US Secretary of State Condoleezza Rice, who had just a 4-day
visit to the Middle East, said Thursday she was encouraged by what
she had heard from Israeli and Palestinian officials during her
shuttle diplomacy in the region.
Though so, Rice also acknowledged tensions and gaps existing
between the two sides ahead of a US-hosted conference in late
November or December at Annapolis,
"I think they are very serious," Rice was quoted by the
Jerusalem Post as saying on Thursday before flying to London
for talks with Jordan's King Abdullah II.
"The teams are serious. The people are serious. The issues are
serious. So I am not surprised that there are tensions. I am not
surprised that there are some ups and downs," she said.
"That is the character of this kind of endeavor, but I was
encouraged by what I heard," she added.
On Wednesday, Rice had expressed her optimism during a joint
press conference with Israeli Foreign Minister Tzipi Livni, saying
there was a basis for moving forward in the process aimed at
achieving a Palestinian state living in peace alongside with
Wrapping up her four days of shuttle diplomacy, Rice stressed
that the current talks between Israel and the Palestinians are the
most serious that the two sides have ever had towards the
resolution of the Israeli-Palestinian conflict in about seven
Also on Wednesday, US President George W. Bush said in
Washington that it was important for Rice to help the Israelis and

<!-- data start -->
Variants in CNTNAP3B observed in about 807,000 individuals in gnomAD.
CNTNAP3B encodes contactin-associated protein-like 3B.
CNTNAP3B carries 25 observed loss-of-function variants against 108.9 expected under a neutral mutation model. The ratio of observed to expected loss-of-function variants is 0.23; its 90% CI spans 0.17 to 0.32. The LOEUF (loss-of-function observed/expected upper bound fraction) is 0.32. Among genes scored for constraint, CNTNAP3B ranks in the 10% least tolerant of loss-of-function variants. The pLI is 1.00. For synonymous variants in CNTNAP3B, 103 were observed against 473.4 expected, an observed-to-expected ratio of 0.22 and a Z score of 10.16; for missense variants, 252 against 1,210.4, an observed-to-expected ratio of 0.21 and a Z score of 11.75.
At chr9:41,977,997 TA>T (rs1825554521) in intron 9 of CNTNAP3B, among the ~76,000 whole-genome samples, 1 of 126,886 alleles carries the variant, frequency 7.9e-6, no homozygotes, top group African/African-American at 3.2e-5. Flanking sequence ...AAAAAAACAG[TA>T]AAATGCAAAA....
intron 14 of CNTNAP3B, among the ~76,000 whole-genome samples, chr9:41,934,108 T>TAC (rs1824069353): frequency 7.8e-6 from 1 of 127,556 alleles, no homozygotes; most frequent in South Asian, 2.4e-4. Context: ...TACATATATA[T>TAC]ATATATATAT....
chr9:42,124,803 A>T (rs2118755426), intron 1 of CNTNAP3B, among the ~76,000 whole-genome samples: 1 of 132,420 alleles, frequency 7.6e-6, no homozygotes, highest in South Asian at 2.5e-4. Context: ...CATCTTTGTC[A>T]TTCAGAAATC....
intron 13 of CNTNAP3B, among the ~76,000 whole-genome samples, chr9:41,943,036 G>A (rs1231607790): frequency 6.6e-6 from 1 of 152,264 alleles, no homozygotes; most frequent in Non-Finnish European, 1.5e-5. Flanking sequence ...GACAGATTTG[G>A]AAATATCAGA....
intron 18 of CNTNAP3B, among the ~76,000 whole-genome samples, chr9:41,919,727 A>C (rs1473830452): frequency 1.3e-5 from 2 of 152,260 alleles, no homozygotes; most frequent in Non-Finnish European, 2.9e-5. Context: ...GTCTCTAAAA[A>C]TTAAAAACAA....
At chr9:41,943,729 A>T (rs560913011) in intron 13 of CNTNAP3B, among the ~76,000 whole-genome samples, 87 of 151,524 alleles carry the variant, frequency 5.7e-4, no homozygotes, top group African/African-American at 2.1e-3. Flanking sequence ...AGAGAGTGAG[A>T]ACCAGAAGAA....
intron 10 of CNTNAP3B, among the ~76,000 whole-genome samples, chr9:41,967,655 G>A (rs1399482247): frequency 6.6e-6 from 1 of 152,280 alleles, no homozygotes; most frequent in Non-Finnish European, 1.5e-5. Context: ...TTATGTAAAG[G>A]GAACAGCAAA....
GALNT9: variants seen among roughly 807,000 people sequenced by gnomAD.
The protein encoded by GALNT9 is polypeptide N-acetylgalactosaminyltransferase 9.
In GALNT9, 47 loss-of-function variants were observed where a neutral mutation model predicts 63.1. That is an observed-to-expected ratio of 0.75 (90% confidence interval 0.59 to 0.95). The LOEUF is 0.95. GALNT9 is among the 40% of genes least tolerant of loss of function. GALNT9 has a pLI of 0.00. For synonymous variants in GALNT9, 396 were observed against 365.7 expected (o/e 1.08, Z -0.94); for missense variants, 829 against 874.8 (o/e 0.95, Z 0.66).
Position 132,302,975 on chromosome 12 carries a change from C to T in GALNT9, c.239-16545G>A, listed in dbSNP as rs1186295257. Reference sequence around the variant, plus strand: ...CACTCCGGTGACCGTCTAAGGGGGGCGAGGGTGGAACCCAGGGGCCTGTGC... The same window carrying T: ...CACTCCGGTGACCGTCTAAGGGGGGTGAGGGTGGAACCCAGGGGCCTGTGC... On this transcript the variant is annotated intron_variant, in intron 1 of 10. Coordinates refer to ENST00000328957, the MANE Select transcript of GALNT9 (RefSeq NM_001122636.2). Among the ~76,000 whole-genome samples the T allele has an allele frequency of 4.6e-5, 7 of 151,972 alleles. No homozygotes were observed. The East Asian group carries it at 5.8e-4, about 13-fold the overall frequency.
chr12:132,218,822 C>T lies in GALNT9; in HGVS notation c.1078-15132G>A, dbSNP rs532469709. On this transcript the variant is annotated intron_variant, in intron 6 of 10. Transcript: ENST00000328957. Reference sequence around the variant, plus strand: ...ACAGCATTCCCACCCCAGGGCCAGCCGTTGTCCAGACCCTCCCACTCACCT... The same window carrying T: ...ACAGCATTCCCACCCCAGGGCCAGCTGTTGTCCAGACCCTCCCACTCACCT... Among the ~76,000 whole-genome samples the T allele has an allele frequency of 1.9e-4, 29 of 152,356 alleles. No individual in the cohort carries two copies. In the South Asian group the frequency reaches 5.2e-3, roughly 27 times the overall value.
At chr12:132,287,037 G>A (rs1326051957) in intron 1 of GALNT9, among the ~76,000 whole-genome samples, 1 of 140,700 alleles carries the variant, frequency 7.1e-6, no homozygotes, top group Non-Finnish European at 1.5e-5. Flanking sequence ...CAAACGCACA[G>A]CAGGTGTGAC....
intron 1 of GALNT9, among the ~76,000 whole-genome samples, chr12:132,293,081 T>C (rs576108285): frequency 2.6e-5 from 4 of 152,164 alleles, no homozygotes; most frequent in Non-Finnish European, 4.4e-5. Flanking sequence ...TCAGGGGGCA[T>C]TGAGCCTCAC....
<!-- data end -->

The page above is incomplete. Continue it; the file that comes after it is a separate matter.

the Palestinians make progress which would lead into the upcoming
Following Rice's visit, US National security adviser Stephen
Hadley will be sent to Middle East next week to begin a new round
of shuttle diplomacy. Rice herself will also return to the region
for further discussions with all parties involved in early
November, according to US
Nevertheless, Israel and the Palestinians have vastly different
expectations for the peace conference, where they are to present a
joint document that would start negotiations to create a
Livni said on Wednesday that the goal of current talks with the
Palestinians is to reach as wide as possible an understanding in
the time available ahead of the upcoming conference.
Livni warned against excessive expectations of the talks, saying
it could lead to frustration and violence.
However, Abbas accused Israel of hindering the endeavor to reach
a document with substance, saying the Palestinians won't go to the
peace conference at any price.
The Palestinians are demanding a comprehensive agreement with
Israel on all the core issues before the conference, as well as an
agreement on a timetable for implementing the agreement within a
fixed period of time. But the Israeli government are pushing for a
much more broad-brush
A joint declaration with the Palestinians at the international
peace conference might address the core issues of Jerusalem,
refugees and permanent borders, an Israeli official was quoted by
local popular Ha'aretz as saying on Thursday.
The senior source said Rice had reached an agreement with the
Palestinians, stating that the declaration "will address all core
issues and point to certain avenues to be pursued through
The anonymous official added, however, that the declaration will
not offer solutions to any of the aforementioned core issues.
Rice reportedly told the Palestinians that Israel will not
commit to a timetable for negotiations. Palestinians sources also
said that Israel will not have the Palestinian refugees' right of
return mentioned in the document.
The Israeli and Palestinian negotiation teams will meet again on
Thursday or Friday to resume talks on the joint declaration.
(Xinhua News Agency October 19, 2007)